Mechanical drawings using a basic perspective grid.
Step-by-step lesson in how to map out a 2-pt perspective drawing from plan & elevation views.
All Tutorial Text & Images - Copyright © 2011 KHI, Inc.
In this step-by-step lesson we are going to create a simple "2 Point Perspective" view drawing of our test subject example, working from both plan (overhead) and elevation view (side view or profile) reference Fig 1. This type of illustration angle is referred to as a "3/4 Perspective" or an "Angular Perspective" view. The green dots in all of the following perspective grid diagrams identify the lines to be drawn as shown in each visual example. This type of perspective grid is best done using vector drawing software such as Adobe Illustrator, where you can easily drag a single anchor-point on each line drawn, rotating it from the other fixed anchor-point to create a "projection line" from the fixed point.
The first line to draw will be the horizontal Picture Plane line shown in Fig. 2. By placing the vertical line (green dot) off-center (to the right) between the two vanishing points we will ultimately see more of the left side of the subject than the right side. Typically, you want about the same amount showing on both the left and right side of the object if it is roughly square (like a laser printer), and a little more showing on the long side of a rectangular object such as a car or ship.
We will place the lower right corner of our Plan View diagram on the horizontal Picture Plane line and rotate it clockwise Fig. 3 while keeping it in contact with the picture plane. The choice of a 30 degree angle for our plan-view diagram is totally arbitrary, but this positioning provides a good final angle for a typical 3/4 view drawing.
The ultimate angle chosen, and the wide-angle or narrow (telephoto) angle of view should balance factors such as the best aesthetics for the subject matter being illustrated, and the necessary technical information (highlighted features) to be conveyed. The subject always dictates the best observing angle chosen. In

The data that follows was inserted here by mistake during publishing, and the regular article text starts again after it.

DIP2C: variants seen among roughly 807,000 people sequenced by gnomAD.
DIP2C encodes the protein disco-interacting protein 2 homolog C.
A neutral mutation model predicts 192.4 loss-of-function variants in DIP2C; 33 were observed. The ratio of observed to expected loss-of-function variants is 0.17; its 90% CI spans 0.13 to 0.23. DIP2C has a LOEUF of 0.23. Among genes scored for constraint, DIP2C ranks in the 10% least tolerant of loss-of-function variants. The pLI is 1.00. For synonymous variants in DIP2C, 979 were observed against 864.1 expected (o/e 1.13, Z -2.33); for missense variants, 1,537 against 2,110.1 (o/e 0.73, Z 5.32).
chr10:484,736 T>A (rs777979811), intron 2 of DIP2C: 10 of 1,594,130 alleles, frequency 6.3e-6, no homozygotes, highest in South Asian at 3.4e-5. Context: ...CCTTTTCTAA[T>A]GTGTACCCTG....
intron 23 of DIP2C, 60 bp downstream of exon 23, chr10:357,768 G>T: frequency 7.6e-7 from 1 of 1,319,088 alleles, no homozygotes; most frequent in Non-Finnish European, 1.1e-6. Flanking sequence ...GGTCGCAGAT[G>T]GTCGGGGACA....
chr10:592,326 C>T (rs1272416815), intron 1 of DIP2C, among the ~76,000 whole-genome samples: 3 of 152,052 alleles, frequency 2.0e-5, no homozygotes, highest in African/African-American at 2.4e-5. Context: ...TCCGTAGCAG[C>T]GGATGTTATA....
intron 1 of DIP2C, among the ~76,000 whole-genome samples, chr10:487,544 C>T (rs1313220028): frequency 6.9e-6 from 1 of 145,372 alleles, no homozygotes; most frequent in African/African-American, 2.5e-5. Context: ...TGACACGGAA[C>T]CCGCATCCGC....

In Fig. 4 we will locate the Station Point which will be located directly below to leading edge (lower corner) of the diagonal plan-view. Measure the horizontal width of our Plan View (X) and double it. Extend a vertical line from the corner that touches the Picture Plane downward. At two times "X" we will locate the Station Point.
Draw lines for the Horizon and Ground Line Fig. 5. The location of these lines are infinitely variable, but their location will ultimately determine how high or low the viewer is in relation to the subject. The location of the Ground Line in relation to the Horizon Line will determine how far above or below "eye level" the object will be viewed. The lower the ground line, the higher the viewer is in relation to the subject.
If the ground line was located directly on top of the horizon line the viewer (or camera) would literally be at ground level. The location of the Horizon Line will depend on whether you want to view the object from above eye-level or below eye-level.